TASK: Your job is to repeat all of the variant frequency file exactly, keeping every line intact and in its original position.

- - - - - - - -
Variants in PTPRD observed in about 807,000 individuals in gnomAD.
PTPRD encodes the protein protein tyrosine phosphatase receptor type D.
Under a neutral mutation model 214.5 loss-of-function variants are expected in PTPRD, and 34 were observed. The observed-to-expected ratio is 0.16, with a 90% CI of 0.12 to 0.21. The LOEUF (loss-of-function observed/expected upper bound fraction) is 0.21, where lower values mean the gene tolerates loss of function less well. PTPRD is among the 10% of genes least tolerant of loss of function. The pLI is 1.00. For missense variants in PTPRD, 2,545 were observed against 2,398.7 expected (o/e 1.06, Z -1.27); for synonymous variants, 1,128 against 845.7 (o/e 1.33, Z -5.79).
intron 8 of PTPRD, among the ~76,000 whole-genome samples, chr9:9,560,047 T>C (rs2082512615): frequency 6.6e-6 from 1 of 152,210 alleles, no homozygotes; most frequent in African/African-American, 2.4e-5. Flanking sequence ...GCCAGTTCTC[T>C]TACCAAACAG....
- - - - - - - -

Variants in PTPRD observed in about 807,000 individuals in gnomAD.
PTPRD encodes the protein protein tyrosine phosphatase receptor type D.
Under a neutral mutation model 214.5 loss-of-function variants are expected in PTPRD, and 34 were observed. The observed-to-expected ratio is 0.16, with a 90% CI of 0.12 to 0.21. The LOEUF (loss-of-function observed/expected upper bound fraction) is 0.21, where lower values mean the gene tolerates loss of function less well. PTPRD is among the 10% of genes least tolerant of loss of function. The pLI is 1.00. For missense variants in PTPRD, 2,545 were observed against 2,398.7 expected (o/e 1.06, Z -1.27); for synonymous variants, 1,128 against 845.7 (o/e 1.33, Z -5.79).
intron 8 of PTPRD, among the ~76,000 whole-genome samples, chr9:9,560,047 T>C (rs2082512615): frequency 6.6e-6 from 1 of 152,210 alleles, no homozygotes; most frequent in African/African-American, 2.4e-5. Flanking sequence ...GCCAGTTCTC[T>C]TACCAAACAG....